top of page

About Us

"Stealing shamelessly and sharing seamlessly"

Stop the Ring! is a collaborative organization that is truly the "sum of its parts."

We are an advocacy group that is focused on designing, creating, and implementing a learning health network (LHN) for tinnitus patients.  The LHN framework has been scientifically proven to improve care other chronic conditions such as autism, cancer, Chron's disease, heart disease, irritable bowel disease (IBD), kidney disease, and many others. For patients with tinnitus in the United States, the current healthcare system is widely variable and underperforms as a result.

Our Story

“While scientists pursue better-coordinated research paths for potential tinnitus cures, clinicians need to understand which current interventions work best and for whom.”

leadership Team

James A. Henry, PhD

Jeffery Reagan

Donna Murray, PhD


Chief Scientific Officer

Chief Learning Health Network Strategist

Jeffery Reagan is a successful heart transplant recipient who supports the effectiveness of collaborative learning health systems and learning health networks (LHNs). He became involved with these healthcare frameworks while doing volunteer project management/information technology (IT) work at Cincinnati Children’s Hospital, where the LHN model was created and successfully implemented for children with chronic conditions. As a tinnitus patient himself, he believes that finding better-targeted interventions and ultimately discovering cures for tinnitus can be most effectively accomplished through a patient-centered LHN model that focuses on measuring and improving patient outcomes through evidence-based results. He founded Stop the Ring, a nonprofit that advocates for the creation of a tinnitus LHN. Mr. Reagan holds a degree in information technology from the University of Cincinnati, and his IT career that has spanned five decades focuses on project management, analytics, data modeling, data warehousing, and business intelligence.

James A. Henry, PhD, is an audiologist with a doctorate in behavioral neuroscience. He recently retired as a Senior Research Career Scientist at the Veterans Affairs (VA) Rehabilitation, Research & Development (RR&D) National Center for Rehabilitative Auditory Research (NCRAR) located at the VA Portland Health Care System. He has also been a Research Professor, Department of Otolaryngology/Head and Neck Surgery, Oregon Health & Science University and Adjunct Professor, Department of Speech and Hearing Sciences, Portland State University. For most of his 35-year career, his focus was conducting research to develop, test, and validate clinical methods of tinnitus management. He was funded with more than 30 grants totaling over $40 million. As a result of his work, he authored or co-authored 250 publications (including 140 in peer-reviewed journals and seven books) and made over 475 presentations in the U.S. and around the world. He is currently writing a series of books on tinnitus, hearing loss, and sound tolerance disorders, under the auspices of his consultation business Ears Gone Wrong, LLC.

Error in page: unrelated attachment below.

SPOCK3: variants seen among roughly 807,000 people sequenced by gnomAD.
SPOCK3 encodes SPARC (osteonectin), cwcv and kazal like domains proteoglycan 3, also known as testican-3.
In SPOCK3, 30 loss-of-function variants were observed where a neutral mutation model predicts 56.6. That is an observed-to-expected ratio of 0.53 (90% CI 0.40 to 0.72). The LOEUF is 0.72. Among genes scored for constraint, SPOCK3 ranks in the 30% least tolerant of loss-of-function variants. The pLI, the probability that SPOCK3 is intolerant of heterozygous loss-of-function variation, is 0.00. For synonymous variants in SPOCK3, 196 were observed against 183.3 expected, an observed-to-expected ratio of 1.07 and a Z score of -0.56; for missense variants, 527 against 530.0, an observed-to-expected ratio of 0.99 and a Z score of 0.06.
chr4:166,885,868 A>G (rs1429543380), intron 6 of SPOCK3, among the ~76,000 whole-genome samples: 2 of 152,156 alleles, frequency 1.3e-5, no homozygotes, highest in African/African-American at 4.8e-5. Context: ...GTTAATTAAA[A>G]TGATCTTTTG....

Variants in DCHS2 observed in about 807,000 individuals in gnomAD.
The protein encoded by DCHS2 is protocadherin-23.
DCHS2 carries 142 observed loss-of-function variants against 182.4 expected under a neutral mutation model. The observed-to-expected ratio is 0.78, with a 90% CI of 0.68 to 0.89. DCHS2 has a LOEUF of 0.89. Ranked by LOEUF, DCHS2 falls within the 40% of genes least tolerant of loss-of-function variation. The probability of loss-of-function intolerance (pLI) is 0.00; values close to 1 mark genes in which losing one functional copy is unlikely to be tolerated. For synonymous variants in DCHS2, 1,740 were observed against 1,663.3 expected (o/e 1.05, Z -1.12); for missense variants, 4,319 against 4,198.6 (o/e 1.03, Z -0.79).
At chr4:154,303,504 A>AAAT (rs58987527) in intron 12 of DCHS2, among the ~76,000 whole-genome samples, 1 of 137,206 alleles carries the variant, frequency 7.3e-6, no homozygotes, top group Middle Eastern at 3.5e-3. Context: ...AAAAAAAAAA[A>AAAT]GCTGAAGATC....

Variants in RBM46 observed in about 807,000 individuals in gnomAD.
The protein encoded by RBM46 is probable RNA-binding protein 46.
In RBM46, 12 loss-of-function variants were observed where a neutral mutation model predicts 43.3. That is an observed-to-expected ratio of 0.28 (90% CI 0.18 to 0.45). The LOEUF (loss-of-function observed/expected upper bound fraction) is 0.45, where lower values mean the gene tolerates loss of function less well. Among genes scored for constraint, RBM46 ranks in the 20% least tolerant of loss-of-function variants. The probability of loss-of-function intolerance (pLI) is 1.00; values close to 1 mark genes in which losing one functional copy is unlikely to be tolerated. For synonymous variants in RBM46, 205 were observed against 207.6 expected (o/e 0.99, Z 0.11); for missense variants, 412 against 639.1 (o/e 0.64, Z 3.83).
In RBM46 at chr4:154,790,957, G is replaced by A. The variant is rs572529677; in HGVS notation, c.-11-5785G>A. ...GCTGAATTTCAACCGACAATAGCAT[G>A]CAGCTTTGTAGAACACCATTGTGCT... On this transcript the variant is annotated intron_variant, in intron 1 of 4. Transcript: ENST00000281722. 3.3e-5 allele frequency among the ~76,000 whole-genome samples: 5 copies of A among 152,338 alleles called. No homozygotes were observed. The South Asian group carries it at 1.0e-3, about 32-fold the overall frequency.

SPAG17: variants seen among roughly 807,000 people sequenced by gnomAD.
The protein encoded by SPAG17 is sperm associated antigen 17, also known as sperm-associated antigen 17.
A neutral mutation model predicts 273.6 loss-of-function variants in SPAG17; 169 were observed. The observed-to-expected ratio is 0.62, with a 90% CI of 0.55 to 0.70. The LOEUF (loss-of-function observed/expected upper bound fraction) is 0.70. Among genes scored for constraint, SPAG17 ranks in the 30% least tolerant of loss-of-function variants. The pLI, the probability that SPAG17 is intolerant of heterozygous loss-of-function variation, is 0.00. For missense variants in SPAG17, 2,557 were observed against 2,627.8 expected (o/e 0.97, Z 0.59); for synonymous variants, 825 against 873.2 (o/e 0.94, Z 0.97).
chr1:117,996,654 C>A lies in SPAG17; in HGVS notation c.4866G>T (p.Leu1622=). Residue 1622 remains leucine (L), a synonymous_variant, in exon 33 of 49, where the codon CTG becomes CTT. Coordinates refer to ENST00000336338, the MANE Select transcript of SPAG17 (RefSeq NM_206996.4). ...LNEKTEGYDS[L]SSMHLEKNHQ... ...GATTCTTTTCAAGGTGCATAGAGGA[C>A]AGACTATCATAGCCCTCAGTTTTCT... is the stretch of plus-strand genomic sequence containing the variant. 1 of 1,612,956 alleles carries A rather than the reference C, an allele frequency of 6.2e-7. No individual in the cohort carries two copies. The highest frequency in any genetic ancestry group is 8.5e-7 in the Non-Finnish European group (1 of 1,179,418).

Donna Murray, PhD, is vice president of clinical strategy at As You Are, chief clinical officer, Autism Analytica, an adjunct professor of clinical pediatrics at Cincinnati Children’s Hospital/University of Cincinnati College of Medicine, and an autism and improvement network consultant. She is the former vice president of clinical programs at Autism Speaks, where she oversaw a portfolio of research and science projects that focused on improving diagnosis, treatment, and systems of care for those with autism. She also led the activities of the Autism Care Network, an autism learning health network, specializing in the development, implementation, and dissemination of evidence-based protocols and standards of care to improve outcomes for children with autism. Prior to joining Autism Speaks, Dr. Murray served as director of clinical services for the Division of Developmental and Behavioral Pediatrics at Cincinnati Children’s Hospital and served as the codirector of its Kelly O’Leary Center for Autism Spectrum Disorders. She is an experienced clinician and researcher who specializes in diagnosis and treatment of individuals with autism and using quality improvement science to improve clinical care and outcomes.

bottom of page